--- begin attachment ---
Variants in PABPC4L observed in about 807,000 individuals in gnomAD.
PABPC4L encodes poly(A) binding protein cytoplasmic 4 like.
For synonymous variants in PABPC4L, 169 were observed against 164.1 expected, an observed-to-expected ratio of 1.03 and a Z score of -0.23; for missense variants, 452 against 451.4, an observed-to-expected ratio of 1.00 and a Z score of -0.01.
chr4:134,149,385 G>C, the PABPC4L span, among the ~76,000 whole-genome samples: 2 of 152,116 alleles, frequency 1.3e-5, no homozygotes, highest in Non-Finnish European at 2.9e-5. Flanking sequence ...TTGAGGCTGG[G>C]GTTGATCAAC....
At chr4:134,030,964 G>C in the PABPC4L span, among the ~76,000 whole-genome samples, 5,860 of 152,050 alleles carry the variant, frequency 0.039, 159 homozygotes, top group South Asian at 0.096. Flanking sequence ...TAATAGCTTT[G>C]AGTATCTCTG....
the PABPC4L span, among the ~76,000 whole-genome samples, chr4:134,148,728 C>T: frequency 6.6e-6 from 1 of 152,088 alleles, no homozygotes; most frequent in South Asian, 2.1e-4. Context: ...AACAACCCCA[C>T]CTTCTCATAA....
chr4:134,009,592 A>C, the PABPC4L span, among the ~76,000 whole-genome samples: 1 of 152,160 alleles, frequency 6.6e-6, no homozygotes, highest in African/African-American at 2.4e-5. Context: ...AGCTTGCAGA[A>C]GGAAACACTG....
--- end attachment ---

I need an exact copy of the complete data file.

Variants in PABPC4L observed in about 807,000 individuals in gnomAD.
PABPC4L encodes poly(A) binding protein cytoplasmic 4 like.
For synonymous variants in PABPC4L, 169 were observed against 164.1 expected, an observed-to-expected ratio of 1.03 and a Z score of -0.23; for missense variants, 452 against 451.4, an observed-to-expected ratio of 1.00 and a Z score of -0.01.
chr4:134,149,385 G>C, the PABPC4L span, among the ~76,000 whole-genome samples: 2 of 152,116 alleles, frequency 1.3e-5, no homozygotes, highest in Non-Finnish European at 2.9e-5. Flanking sequence ...TTGAGGCTGG[G>C]GTTGATCAAC....
At chr4:134,030,964 G>C in the PABPC4L span, among the ~76,000 whole-genome samples, 5,860 of 152,050 alleles carry the variant, frequency 0.039, 159 homozygotes, top group South Asian at 0.096. Flanking sequence ...TAATAGCTTT[G>C]AGTATCTCTG....
the PABPC4L span, among the ~76,000 whole-genome samples, chr4:134,148,728 C>T: frequency 6.6e-6 from 1 of 152,088 alleles, no homozygotes; most frequent in South Asian, 2.1e-4. Context: ...AACAACCCCA[C>T]CTTCTCATAA....
chr4:134,009,592 A>C, the PABPC4L span, among the ~76,000 whole-genome samples: 1 of 152,160 alleles, frequency 6.6e-6, no homozygotes, highest in African/African-American at 2.4e-5. Context: ...AGCTTGCAGA[A>C]GGAAACACTG....